Artificial Tweezers Block HIV, Herpes And Hepatitis C
August 18, 2015 | by Justine Alford
They're often worn begrudgingly, but let’s face facts: condoms are very good at preventing the spread of STDs, including HIV, for which sex is the most common route of transmission. Of course, they’re not indestructible and thus aren’t 100% effective. Additionally, many people don’t have a choice over whether their partner wears one, like women in resource-poor areas.
It’s for these reasons that scientists are keen to develop topical microbicides, like gels or creams, as an effective yet discreet intervention strategy to prevent new HIV infections. Unfortunately, despite promising early results from numerous studies, all have so far proved a flop in clinical trials. But if at first you don’t succeed, try, try, try again: there’s now a new candidate on the block, and it actually seems to be a bit of a jack of all trades.
Described as a “molecular tweezer,” this compound not only destroys HIV but also a range of other viruses, including herpes and hepatitis C. On top of all that, it even eliminates protein bundles in semen that enhance the transmission of HIV, thus representing a two-pronged attack whereby both host and viral factors are targeted.
The artificial tweezer, called CLR01, was actually developed more than a decade ago as a way to specifically engage certain building blocks, or amino acids, of proteins. Realizing that one of the amino acid targets – lysine – is found in abundance in tangles of proteins in semen that are known to dramatically boost HIV infectivity, scientists from the University of Pennsylvania wondered whether CLR01 might be able to inhibit their assembly.
As predicted, the scientists found that the tweezers successfully targeted these HIV-promoting protein bundles, called amyloid fibrils. By engaging with lysine residues, CLR01 both inhibits the formation of these fibrils and prevents their formation, the researchers describe in eLife. But their observations demonstrated that it has another, unanticipated trick up its sleeve: it also seems to be able to interfere with protein structures found on the surface of HIV, collectively called the viral envelope.
“The surprise for us came when we discovered it had an unexpected activity against HIV itself and directly disrupts the viral envelope,” study author James Shorter told IFLScience. “It also appears to disrupt the envelope of human cytomegalovirus, herpes simplex virus, and hepatitis C virus, and so we wonder whether it may also have activity against enveloped viruses.” Interestingly, he adds, it has so far proved ineffective against viruses without these structures, or non-enveloped viruses.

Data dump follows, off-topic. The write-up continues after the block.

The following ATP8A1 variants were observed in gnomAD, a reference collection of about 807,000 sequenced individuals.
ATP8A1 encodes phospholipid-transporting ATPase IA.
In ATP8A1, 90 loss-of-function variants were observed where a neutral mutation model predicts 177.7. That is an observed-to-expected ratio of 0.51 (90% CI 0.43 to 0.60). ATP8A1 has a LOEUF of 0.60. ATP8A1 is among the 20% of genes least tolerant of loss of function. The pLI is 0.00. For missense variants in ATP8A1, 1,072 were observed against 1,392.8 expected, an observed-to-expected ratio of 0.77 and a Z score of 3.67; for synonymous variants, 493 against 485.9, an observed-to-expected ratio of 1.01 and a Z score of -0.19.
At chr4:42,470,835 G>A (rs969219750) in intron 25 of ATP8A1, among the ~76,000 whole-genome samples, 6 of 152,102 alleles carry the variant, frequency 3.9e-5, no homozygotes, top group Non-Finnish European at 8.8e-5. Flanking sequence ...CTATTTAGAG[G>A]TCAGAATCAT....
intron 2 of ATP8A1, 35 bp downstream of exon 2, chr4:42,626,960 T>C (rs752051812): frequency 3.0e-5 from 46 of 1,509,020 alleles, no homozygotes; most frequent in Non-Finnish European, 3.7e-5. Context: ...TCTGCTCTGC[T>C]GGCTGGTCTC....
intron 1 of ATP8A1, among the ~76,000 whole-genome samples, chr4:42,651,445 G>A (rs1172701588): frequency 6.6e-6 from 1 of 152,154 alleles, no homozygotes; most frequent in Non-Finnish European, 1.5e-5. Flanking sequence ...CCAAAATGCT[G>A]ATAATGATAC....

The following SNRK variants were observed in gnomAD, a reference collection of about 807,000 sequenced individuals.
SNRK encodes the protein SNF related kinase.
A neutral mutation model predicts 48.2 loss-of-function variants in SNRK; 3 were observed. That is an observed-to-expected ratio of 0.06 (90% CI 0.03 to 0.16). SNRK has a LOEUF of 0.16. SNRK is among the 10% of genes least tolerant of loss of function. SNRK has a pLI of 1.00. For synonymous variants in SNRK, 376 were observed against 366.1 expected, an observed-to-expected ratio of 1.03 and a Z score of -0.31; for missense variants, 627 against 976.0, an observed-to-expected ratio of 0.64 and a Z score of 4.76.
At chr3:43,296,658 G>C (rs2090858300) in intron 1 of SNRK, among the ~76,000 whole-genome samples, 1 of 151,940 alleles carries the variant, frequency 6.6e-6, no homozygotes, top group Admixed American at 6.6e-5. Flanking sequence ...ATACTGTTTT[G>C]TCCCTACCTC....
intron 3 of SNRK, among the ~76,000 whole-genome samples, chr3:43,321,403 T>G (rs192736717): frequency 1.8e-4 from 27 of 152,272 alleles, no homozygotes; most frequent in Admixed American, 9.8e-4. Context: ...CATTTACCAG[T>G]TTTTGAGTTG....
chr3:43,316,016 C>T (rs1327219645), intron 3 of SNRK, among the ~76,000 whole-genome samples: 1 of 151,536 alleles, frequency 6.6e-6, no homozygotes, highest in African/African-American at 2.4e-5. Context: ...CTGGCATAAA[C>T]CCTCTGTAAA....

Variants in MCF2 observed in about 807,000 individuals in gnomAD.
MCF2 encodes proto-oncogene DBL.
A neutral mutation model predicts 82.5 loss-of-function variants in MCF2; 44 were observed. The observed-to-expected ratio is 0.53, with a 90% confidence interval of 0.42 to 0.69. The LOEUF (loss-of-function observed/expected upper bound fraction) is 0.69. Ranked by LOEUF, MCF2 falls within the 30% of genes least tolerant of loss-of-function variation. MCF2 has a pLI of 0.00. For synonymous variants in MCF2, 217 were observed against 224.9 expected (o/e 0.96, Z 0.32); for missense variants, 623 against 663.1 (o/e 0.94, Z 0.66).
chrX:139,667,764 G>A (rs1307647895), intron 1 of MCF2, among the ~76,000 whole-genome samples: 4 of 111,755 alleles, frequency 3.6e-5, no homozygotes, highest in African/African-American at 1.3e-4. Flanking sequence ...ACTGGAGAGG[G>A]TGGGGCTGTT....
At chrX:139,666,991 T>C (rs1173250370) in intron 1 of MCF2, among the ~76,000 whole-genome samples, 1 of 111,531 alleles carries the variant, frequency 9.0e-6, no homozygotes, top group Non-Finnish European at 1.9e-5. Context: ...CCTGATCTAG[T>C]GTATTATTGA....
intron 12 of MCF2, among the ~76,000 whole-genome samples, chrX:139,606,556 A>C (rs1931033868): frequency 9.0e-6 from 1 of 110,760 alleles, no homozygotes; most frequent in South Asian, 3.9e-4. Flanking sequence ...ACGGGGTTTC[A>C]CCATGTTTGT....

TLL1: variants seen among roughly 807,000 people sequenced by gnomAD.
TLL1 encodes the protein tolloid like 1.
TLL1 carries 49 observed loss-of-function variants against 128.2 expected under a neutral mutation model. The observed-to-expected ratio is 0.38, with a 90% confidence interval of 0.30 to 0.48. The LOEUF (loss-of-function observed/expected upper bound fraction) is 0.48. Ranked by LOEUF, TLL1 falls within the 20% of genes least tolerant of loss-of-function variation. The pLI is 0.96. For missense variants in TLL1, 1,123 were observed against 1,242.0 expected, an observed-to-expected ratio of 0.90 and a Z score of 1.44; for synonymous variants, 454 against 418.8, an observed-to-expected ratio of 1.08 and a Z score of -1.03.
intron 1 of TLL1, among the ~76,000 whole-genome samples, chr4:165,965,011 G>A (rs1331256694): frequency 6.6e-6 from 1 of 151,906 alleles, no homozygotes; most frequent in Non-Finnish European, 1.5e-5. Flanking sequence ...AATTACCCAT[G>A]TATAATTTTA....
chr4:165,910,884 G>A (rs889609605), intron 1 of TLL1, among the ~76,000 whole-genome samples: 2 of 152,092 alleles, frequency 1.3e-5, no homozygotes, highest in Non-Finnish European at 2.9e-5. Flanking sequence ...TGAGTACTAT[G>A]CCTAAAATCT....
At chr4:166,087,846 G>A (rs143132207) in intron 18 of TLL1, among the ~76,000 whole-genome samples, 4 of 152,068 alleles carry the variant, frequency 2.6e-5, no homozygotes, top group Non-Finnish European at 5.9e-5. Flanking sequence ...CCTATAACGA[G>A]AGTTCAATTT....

Because CLR01 seems to exert a broad spectrum of activity, Shorter thinks that the viral target is probably not a protein, but rather some feature of its membrane that could be common to multiple viruses. For example, viral envelopes have a distinctive composition of fats that can bunch together in discrete areas, so the tweezers may be engaging with these.
While they don’t know the precise target yet, the team did find that CLR01 left cell membranes alone when tested out on tissue culture in the lab. This specificity meant that it exhibited minimal toxicity, which is encouraging. And in combination with the dual mode of action, which differentiates it from others previously developed, CLR01 could be particularly effective.
Of course the proof will be in the pudding, but University of Warwick HIV researcher Emma Anderson, who was not involved in the research, thinks the findings are promising: "The paper uses a nice range of techniques – biophysical, biochemical, modeling, virological – and the results make a very nice story," she told IFLScience. "The next step will be to test it in vivo, and of course many potential drugs fall down at this stage."
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